St. Patrick’s Anticipatory Interruption

By Shawn Sanford Beck

From the Catalyst, Spring 2017

I bind unto myself today, the strong name of the Trinity,
by invocation of the same, the Three-in-One, and One-in-Three,
of whom all nature hath creation, eternal Father, Spirit, Word.
Praise to the Lord of my salvation; salvation is of Christ the Lord.

— St. Patrick’s Breastplate, C.F. Alexander version

Nestled in the liturgically purple lenten desert is a tiny green shard of resurrection.

Like a verdant weed sprouting up in the newly-ploughed spring garden mud, the feast day of blessed Patrick feels like it should belong to the Paschal season, rather than the penitential 40 days which precede it. But on March 17, almost a month before Easter Sunday, the emerald festivities break out. Sackcloth and ashes are put aside in favour of Irish music, colourful parades, frisky leprechauns, and veritable rivers of green beer. Now, if I were a liturgical purist, I would break into a dour sermon on the corrupting nature of cultural churchianity.

But instead, I’m drawn to St. Patrick’s Day as a parable: a tiny, homely hologram of the power of the Spirit to break in where she is not expected, an anticipatory interruption.

I love St. Patrick. Something in my quasi-Celtic DNA resonates with the many stories and teachings which come from this early episcopal missionary. One of my favourite tales of Patrick involves his confrontation with the Irish High King at Tara. It was right before the great fire festival of Beltane. Custom dictated that all the households would extinguish their own fires to give the honour of the first new spring fire to the king, who would then be seen as the source of fire for the people. Now, we’re not sure if Patrick knew about this custom or not, but he went ahead and lit the Paschal flame on a nearby hilltop before the king lit his.

Well, all hell broke loose. The king was furious, and his druid advisers warned that if the flame of Patrick wasn’t extinguished then and there, it would continue to burn for ages to come. So the warriors were sent out to fetch Patrick’s head.

This is where the legend gets a bit mixed up. In some versions, Patrick engages with the druids and defeats them in a contest of miracle and magic. Other versions of the story report Patrick and his companions singing and chanting the lorica, or “breastplate prayer,” which has come down to us in hymnody. The little congregation is transformed (somewhat shamanistically!) into a herd of deer. The soldiers pass by unaware, and Patrick’s herd is able to make its escape.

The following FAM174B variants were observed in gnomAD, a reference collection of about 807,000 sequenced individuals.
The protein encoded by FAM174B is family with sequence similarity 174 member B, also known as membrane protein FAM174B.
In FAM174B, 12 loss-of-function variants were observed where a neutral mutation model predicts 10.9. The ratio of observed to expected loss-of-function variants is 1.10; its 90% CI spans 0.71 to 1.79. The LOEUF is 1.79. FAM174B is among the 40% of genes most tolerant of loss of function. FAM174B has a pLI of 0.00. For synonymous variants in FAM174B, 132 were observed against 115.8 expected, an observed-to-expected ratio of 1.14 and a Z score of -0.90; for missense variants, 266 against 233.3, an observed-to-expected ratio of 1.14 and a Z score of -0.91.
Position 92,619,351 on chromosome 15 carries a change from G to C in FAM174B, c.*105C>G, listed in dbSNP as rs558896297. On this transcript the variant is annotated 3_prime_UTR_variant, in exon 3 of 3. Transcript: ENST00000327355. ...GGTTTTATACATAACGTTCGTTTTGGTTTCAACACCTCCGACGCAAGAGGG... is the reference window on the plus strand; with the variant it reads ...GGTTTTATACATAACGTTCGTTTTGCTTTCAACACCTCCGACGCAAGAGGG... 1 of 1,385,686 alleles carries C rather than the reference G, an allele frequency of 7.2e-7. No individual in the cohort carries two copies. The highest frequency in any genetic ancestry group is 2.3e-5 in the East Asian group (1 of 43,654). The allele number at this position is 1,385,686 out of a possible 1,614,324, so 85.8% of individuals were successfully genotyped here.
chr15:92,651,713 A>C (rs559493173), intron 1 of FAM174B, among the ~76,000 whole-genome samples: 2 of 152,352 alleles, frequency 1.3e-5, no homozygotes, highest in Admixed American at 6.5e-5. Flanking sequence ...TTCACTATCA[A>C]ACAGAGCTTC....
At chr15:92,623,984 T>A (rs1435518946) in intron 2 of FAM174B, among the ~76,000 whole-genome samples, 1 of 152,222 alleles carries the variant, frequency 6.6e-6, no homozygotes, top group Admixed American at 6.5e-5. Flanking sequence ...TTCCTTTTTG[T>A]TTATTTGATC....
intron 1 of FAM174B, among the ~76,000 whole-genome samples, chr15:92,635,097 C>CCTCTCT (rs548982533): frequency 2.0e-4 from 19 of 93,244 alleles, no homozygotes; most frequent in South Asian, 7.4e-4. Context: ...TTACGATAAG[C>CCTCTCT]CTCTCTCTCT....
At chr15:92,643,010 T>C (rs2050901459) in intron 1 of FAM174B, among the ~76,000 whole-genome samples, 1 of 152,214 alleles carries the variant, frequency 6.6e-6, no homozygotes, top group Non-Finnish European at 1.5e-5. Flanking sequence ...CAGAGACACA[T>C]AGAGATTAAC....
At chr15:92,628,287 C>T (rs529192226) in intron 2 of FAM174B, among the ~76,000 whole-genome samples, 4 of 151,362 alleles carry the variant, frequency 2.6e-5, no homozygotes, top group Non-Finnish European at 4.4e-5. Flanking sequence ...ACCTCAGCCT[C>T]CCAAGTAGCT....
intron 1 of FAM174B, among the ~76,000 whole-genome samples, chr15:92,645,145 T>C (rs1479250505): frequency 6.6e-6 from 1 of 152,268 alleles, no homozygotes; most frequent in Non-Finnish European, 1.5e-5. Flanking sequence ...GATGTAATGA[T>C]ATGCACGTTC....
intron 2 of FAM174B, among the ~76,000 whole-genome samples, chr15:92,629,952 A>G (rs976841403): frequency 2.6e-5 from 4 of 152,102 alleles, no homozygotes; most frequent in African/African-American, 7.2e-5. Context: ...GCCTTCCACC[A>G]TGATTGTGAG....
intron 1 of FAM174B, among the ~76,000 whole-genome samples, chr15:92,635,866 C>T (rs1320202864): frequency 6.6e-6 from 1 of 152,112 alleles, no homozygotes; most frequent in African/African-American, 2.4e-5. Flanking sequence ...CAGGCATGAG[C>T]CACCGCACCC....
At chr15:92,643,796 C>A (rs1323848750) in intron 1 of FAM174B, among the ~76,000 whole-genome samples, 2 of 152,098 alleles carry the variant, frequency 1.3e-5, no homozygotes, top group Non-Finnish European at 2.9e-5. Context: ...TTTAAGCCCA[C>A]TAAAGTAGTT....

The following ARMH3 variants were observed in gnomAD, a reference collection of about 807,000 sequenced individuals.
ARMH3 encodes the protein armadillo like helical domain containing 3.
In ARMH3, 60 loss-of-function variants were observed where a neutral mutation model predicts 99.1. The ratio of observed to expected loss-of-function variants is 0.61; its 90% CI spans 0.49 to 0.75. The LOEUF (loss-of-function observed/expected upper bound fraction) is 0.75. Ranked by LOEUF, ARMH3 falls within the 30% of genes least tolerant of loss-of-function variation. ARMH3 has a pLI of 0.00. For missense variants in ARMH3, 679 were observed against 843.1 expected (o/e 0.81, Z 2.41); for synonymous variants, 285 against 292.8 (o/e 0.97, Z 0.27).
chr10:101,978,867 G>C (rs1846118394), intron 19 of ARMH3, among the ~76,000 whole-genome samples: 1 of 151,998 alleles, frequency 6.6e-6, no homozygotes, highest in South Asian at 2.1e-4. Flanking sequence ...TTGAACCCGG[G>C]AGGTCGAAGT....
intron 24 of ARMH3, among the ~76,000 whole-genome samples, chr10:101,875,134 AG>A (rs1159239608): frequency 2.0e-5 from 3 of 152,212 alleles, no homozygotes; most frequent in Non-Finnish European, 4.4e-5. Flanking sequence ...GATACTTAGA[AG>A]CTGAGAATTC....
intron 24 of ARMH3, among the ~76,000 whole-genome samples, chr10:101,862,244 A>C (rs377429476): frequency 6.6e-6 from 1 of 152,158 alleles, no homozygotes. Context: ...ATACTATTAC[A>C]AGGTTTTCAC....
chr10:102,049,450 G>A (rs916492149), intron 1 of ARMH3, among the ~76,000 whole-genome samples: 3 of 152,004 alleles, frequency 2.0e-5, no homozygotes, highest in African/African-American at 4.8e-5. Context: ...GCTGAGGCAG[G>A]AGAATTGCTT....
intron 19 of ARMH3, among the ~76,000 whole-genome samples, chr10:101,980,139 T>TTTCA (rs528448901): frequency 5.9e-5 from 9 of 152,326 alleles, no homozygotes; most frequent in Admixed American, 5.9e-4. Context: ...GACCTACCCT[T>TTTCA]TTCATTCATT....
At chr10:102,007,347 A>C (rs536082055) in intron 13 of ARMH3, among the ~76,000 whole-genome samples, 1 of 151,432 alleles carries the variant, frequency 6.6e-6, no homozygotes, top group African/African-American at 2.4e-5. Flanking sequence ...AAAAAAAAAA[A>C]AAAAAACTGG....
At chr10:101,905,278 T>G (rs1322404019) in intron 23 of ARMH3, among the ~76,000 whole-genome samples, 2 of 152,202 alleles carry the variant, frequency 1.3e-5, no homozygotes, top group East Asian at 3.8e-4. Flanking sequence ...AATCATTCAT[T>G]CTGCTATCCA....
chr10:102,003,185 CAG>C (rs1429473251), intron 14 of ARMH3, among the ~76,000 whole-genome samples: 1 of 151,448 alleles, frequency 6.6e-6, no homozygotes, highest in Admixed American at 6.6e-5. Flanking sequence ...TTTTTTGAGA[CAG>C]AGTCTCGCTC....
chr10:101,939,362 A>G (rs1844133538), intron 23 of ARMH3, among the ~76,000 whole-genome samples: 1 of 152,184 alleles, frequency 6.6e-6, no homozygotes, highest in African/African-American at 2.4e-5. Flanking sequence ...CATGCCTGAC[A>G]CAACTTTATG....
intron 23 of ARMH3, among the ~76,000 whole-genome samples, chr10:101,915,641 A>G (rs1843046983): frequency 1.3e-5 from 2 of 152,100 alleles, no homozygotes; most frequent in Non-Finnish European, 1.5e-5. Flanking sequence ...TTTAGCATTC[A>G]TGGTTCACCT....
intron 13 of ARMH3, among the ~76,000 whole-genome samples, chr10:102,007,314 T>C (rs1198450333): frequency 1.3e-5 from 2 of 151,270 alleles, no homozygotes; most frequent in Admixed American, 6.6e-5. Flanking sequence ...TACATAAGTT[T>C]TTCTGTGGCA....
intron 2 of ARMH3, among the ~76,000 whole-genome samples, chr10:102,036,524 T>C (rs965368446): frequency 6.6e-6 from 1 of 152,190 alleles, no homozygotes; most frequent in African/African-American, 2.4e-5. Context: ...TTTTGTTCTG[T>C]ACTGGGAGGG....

For me, what is most interesting in this particular portion of the Patrick lore is not the somewhat predictable conflict between Paganism and Christianity. Rather, it is Patrick’s courage in defying the custom of the king. Kings and emperors (and plastic presidents) throughout the ages show an unswerving devotion to the exercise of dominion. Power is key: power to manage the religious impulses of the people, power to control the landscape, power to appear godlike in nature.

For the High King of Ireland, the sacred calendar of the druids was a potent tool to reinforce his “divine mandate” to rule. But, wittingly or not, Patrick contradicted that power with a counterpower of the gospel. Or rather, the Spirit lit Patrick’s Paschal fire as a sign of resurrection reality breaking into the tightly controlled domain of royal politics. The Easter fire came at the “wrong” time, and it preceded the fire of the king. It was an anticipatory interruption of spiritual freedom and joy in the midst of the pre-Beltane shadows. No wonder the king wanted heads to roll!

I hope I don’t stretch the parable of St. Patrick’s feast too far when I suggest that it has lessons for us in this particular place and time. The powers-that-be in our world are hell-bent on consolidating control. Whether its rejecting refugees, pushing pipelines though Indigenous lands, or perpetuating colonialist agendas, the High Kings of our world are showing their true colours, and by gum, they are not green!

For those of us seeking justice, loving kindness, and trying to walk humbly with our God these days, we are in dire need of that Easter fire. May we, like blessed Patrick before us, find ways to challenge the control of the king, and to become anticipatory interruptions of the life of the world to come.

  • Shawn Sanford Beck

    Rev. Shawn Sanford Beck is an Anglican priest, the author of Christian Animism, and the founder of the Ecumenical Companions of Sophia. He and his family live off the grid, on a lakeshore homestead, near Thickwood Hills, Saskatchewan, in Treaty Six territory.

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